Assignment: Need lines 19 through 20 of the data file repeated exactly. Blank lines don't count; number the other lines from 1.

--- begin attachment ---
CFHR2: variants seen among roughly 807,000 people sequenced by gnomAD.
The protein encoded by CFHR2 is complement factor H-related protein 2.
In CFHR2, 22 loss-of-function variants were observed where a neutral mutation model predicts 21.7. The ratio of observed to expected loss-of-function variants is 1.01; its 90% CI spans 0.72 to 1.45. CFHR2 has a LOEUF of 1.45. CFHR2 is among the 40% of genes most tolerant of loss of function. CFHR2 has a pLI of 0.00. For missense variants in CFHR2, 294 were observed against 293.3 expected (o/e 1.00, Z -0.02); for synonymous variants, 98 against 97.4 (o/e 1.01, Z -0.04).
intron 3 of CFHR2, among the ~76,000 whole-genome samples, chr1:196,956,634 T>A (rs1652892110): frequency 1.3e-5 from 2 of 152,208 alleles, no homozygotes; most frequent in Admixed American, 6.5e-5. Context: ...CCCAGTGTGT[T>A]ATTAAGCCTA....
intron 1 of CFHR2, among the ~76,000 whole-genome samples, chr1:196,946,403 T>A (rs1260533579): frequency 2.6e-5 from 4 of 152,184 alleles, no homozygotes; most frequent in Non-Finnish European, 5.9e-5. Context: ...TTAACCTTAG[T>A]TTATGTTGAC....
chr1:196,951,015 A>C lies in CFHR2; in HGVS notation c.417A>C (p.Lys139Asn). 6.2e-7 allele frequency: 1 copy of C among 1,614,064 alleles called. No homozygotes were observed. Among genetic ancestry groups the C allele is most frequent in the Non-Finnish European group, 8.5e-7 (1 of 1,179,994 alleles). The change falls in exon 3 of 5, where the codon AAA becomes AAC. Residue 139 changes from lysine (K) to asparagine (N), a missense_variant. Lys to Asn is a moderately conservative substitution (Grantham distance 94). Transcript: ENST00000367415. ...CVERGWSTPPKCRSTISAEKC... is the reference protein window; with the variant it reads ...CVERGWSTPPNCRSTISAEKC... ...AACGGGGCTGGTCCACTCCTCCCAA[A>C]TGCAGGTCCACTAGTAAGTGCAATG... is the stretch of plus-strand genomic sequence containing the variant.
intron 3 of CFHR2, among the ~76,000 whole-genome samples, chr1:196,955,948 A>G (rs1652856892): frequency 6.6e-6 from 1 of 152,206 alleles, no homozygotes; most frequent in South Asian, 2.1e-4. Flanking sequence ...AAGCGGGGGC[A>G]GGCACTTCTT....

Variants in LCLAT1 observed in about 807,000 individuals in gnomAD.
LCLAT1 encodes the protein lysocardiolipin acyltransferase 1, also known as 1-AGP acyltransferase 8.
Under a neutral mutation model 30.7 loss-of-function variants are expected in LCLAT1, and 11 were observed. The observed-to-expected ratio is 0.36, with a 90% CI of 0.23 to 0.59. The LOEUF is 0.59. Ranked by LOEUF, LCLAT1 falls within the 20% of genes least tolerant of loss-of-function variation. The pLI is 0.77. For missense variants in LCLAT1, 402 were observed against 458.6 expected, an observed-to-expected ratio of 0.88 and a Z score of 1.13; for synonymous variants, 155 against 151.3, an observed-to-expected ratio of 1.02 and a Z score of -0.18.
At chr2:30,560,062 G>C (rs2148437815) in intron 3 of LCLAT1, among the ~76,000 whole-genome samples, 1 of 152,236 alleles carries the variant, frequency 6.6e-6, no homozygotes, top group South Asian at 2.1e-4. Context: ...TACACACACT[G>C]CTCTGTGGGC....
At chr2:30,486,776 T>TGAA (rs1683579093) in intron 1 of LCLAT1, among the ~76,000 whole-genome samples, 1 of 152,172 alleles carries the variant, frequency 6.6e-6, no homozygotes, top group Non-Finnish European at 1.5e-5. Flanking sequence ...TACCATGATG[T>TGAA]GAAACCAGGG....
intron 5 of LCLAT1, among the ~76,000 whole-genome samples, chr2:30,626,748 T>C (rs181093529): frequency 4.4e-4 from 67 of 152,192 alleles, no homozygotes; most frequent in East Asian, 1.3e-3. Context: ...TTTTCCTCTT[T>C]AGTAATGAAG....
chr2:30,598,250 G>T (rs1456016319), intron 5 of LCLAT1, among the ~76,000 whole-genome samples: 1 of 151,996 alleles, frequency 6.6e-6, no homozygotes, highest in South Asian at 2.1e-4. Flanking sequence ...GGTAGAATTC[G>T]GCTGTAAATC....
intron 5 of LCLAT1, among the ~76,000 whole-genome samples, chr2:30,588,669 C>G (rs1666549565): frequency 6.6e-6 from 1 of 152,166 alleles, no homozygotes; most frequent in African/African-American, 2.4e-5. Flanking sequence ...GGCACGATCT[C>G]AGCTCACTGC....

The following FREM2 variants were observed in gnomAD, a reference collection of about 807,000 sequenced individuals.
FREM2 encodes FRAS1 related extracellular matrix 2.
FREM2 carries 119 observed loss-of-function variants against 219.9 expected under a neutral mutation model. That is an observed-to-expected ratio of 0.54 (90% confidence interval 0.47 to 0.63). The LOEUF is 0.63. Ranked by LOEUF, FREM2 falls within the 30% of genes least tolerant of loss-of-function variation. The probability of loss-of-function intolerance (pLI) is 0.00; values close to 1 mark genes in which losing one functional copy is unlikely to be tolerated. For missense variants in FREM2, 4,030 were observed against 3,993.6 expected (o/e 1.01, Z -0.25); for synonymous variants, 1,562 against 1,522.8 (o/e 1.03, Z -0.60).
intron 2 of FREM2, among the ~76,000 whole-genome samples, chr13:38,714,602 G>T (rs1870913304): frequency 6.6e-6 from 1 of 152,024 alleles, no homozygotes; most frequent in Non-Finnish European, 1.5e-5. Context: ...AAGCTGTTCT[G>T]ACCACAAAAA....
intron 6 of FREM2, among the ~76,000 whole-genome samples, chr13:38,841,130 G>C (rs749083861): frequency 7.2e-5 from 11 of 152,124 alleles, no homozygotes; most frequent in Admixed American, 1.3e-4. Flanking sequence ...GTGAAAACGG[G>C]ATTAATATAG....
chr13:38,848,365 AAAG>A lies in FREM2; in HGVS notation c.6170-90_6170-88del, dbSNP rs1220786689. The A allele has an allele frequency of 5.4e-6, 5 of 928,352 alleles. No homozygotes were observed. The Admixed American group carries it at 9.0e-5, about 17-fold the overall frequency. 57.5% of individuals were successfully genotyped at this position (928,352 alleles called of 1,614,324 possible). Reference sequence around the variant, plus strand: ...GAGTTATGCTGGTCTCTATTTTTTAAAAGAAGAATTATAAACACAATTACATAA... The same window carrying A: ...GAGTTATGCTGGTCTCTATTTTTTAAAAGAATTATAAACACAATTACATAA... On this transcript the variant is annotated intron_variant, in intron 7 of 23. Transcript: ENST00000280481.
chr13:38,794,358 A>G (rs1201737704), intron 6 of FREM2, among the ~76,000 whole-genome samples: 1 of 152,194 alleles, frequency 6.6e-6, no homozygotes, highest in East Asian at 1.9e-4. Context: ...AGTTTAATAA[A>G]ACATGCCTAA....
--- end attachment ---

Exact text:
intron 2 of FREM2, among the ~76,000 whole-genome samples, chr13:38,714,602 G>T (rs1870913304): frequency 6.6e-6 from 1 of 152,024 alleles, no homozygotes; most frequent in Non-Finnish European, 1.5e-5. Context: ...AAGCTGTTCT[G>T]ACCACAAAAA....
intron 6 of FREM2, among the ~76,000 whole-genome samples, chr13:38,841,130 G>C (rs749083861): frequency 7.2e-5 from 11 of 152,124 alleles, no homozygotes; most frequent in Admixed American, 1.3e-4. Flanking sequence ...GTGAAAACGG[G>C]ATTAATATAG....